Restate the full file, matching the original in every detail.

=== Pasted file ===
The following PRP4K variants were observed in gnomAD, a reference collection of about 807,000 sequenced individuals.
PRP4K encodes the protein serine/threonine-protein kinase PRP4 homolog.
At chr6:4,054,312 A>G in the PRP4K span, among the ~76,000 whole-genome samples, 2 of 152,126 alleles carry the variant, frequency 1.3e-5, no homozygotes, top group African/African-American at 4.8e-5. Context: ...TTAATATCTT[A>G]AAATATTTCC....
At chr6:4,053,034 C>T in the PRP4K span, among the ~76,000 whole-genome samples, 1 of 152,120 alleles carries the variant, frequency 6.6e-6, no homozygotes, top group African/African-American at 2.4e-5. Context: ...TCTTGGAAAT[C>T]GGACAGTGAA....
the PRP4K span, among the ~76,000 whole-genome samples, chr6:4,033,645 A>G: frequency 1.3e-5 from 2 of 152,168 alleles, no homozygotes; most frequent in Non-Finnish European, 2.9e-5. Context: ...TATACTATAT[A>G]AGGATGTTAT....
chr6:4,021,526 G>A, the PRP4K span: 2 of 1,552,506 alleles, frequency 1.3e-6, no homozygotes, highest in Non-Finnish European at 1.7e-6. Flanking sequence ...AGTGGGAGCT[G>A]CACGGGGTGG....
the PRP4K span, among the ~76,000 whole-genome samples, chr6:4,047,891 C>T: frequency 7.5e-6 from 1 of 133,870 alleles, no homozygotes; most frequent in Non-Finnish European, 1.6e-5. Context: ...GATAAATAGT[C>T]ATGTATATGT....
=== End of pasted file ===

The following PRP4K variants were observed in gnomAD, a reference collection of about 807,000 sequenced individuals.
PRP4K encodes the protein serine/threonine-protein kinase PRP4 homolog.
At chr6:4,054,312 A>G in the PRP4K span, among the ~76,000 whole-genome samples, 2 of 152,126 alleles carry the variant, frequency 1.3e-5, no homozygotes, top group African/African-American at 4.8e-5. Context: ...TTAATATCTT[A>G]AAATATTTCC....
At chr6:4,053,034 C>T in the PRP4K span, among the ~76,000 whole-genome samples, 1 of 152,120 alleles carries the variant, frequency 6.6e-6, no homozygotes, top group African/African-American at 2.4e-5. Context: ...TCTTGGAAAT[C>T]GGACAGTGAA....
the PRP4K span, among the ~76,000 whole-genome samples, chr6:4,033,645 A>G: frequency 1.3e-5 from 2 of 152,168 alleles, no homozygotes; most frequent in Non-Finnish European, 2.9e-5. Context: ...TATACTATAT[A>G]AGGATGTTAT....
chr6:4,021,526 G>A, the PRP4K span: 2 of 1,552,506 alleles, frequency 1.3e-6, no homozygotes, highest in Non-Finnish European at 1.7e-6. Flanking sequence ...AGTGGGAGCT[G>A]CACGGGGTGG....
the PRP4K span, among the ~76,000 whole-genome samples, chr6:4,047,891 C>T: frequency 7.5e-6 from 1 of 133,870 alleles, no homozygotes; most frequent in Non-Finnish European, 1.6e-5. Context: ...GATAAATAGT[C>T]ATGTATATGT....